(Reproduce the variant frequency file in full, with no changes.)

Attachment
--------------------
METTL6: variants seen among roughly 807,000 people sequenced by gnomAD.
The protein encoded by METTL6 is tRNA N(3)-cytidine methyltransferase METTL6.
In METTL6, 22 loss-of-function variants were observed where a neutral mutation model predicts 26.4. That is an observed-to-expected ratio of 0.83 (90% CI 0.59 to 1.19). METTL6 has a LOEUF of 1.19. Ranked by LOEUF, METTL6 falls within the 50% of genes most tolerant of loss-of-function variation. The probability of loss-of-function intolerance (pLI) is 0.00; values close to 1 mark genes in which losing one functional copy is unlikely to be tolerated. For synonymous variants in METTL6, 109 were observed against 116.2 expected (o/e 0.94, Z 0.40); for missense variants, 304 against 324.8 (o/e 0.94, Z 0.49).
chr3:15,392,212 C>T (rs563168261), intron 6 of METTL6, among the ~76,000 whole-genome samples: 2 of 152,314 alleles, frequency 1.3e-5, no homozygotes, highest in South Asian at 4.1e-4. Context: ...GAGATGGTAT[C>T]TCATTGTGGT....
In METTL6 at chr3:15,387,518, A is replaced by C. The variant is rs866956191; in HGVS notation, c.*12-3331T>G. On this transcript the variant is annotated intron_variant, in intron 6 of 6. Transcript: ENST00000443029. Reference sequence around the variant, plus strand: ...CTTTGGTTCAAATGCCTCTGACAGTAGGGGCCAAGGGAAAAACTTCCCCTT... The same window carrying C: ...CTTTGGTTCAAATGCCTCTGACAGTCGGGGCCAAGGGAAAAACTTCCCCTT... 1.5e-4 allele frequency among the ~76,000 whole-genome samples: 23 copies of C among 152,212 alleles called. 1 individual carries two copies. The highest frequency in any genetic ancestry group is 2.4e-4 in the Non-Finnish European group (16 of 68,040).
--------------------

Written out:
METTL6: variants seen among roughly 807,000 people sequenced by gnomAD.
The protein encoded by METTL6 is tRNA N(3)-cytidine methyltransferase METTL6.
In METTL6, 22 loss-of-function variants were observed where a neutral mutation model predicts 26.4. That is an observed-to-expected ratio of 0.83 (90% CI 0.59 to 1.19). METTL6 has a LOEUF of 1.19. Ranked by LOEUF, METTL6 falls within the 50% of genes most tolerant of loss-of-function variation. The probability of loss-of-function intolerance (pLI) is 0.00; values close to 1 mark genes in which losing one functional copy is unlikely to be tolerated. For synonymous variants in METTL6, 109 were observed against 116.2 expected (o/e 0.94, Z 0.40); for missense variants, 304 against 324.8 (o/e 0.94, Z 0.49).
chr3:15,392,212 C>T (rs563168261), intron 6 of METTL6, among the ~76,000 whole-genome samples: 2 of 152,314 alleles, frequency 1.3e-5, no homozygotes, highest in South Asian at 4.1e-4. Context: ...GAGATGGTAT[C>T]TCATTGTGGT....
In METTL6 at chr3:15,387,518, A is replaced by C. The variant is rs866956191; in HGVS notation, c.*12-3331T>G. On this transcript the variant is annotated intron_variant, in intron 6 of 6. Transcript: ENST00000443029. Reference sequence around the variant, plus strand: ...CTTTGGTTCAAATGCCTCTGACAGTAGGGGCCAAGGGAAAAACTTCCCCTT... The same window carrying C: ...CTTTGGTTCAAATGCCTCTGACAGTCGGGGCCAAGGGAAAAACTTCCCCTT... 1.5e-4 allele frequency among the ~76,000 whole-genome samples: 23 copies of C among 152,212 alleles called. 1 individual carries two copies. The highest frequency in any genetic ancestry group is 2.4e-4 in the Non-Finnish European group (16 of 68,040).